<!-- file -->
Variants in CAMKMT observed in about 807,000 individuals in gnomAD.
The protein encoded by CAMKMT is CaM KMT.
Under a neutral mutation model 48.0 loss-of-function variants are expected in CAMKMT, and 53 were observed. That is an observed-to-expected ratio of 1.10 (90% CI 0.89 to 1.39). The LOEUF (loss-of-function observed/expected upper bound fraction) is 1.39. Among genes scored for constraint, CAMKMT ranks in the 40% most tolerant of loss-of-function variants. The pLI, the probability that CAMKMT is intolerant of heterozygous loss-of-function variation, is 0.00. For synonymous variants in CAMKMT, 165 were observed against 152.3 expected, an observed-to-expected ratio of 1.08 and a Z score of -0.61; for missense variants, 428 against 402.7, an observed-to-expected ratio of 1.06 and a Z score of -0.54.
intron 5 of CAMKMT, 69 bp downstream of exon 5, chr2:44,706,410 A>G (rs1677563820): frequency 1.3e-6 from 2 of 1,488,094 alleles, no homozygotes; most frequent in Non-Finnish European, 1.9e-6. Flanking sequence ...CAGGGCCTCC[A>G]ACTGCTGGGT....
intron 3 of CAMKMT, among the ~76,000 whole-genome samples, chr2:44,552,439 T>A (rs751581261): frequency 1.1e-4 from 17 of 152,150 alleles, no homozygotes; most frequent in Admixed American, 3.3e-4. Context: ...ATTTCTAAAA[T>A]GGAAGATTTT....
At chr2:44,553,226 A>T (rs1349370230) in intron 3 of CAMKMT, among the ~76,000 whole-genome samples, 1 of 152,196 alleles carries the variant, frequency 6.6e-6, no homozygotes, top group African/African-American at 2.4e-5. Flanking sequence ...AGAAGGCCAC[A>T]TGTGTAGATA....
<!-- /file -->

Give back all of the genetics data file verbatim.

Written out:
Variants in CAMKMT observed in about 807,000 individuals in gnomAD.
The protein encoded by CAMKMT is CaM KMT.
Under a neutral mutation model 48.0 loss-of-function variants are expected in CAMKMT, and 53 were observed. That is an observed-to-expected ratio of 1.10 (90% CI 0.89 to 1.39). The LOEUF (loss-of-function observed/expected upper bound fraction) is 1.39. Among genes scored for constraint, CAMKMT ranks in the 40% most tolerant of loss-of-function variants. The pLI, the probability that CAMKMT is intolerant of heterozygous loss-of-function variation, is 0.00. For synonymous variants in CAMKMT, 165 were observed against 152.3 expected, an observed-to-expected ratio of 1.08 and a Z score of -0.61; for missense variants, 428 against 402.7, an observed-to-expected ratio of 1.06 and a Z score of -0.54.
intron 5 of CAMKMT, 69 bp downstream of exon 5, chr2:44,706,410 A>G (rs1677563820): frequency 1.3e-6 from 2 of 1,488,094 alleles, no homozygotes; most frequent in Non-Finnish European, 1.9e-6. Flanking sequence ...CAGGGCCTCC[A>G]ACTGCTGGGT....
intron 3 of CAMKMT, among the ~76,000 whole-genome samples, chr2:44,552,439 T>A (rs751581261): frequency 1.1e-4 from 17 of 152,150 alleles, no homozygotes; most frequent in Admixed American, 3.3e-4. Context: ...ATTTCTAAAA[T>A]GGAAGATTTT....
At chr2:44,553,226 A>T (rs1349370230) in intron 3 of CAMKMT, among the ~76,000 whole-genome samples, 1 of 152,196 alleles carries the variant, frequency 6.6e-6, no homozygotes, top group African/African-American at 2.4e-5. Flanking sequence ...AGAAGGCCAC[A>T]TGTGTAGATA....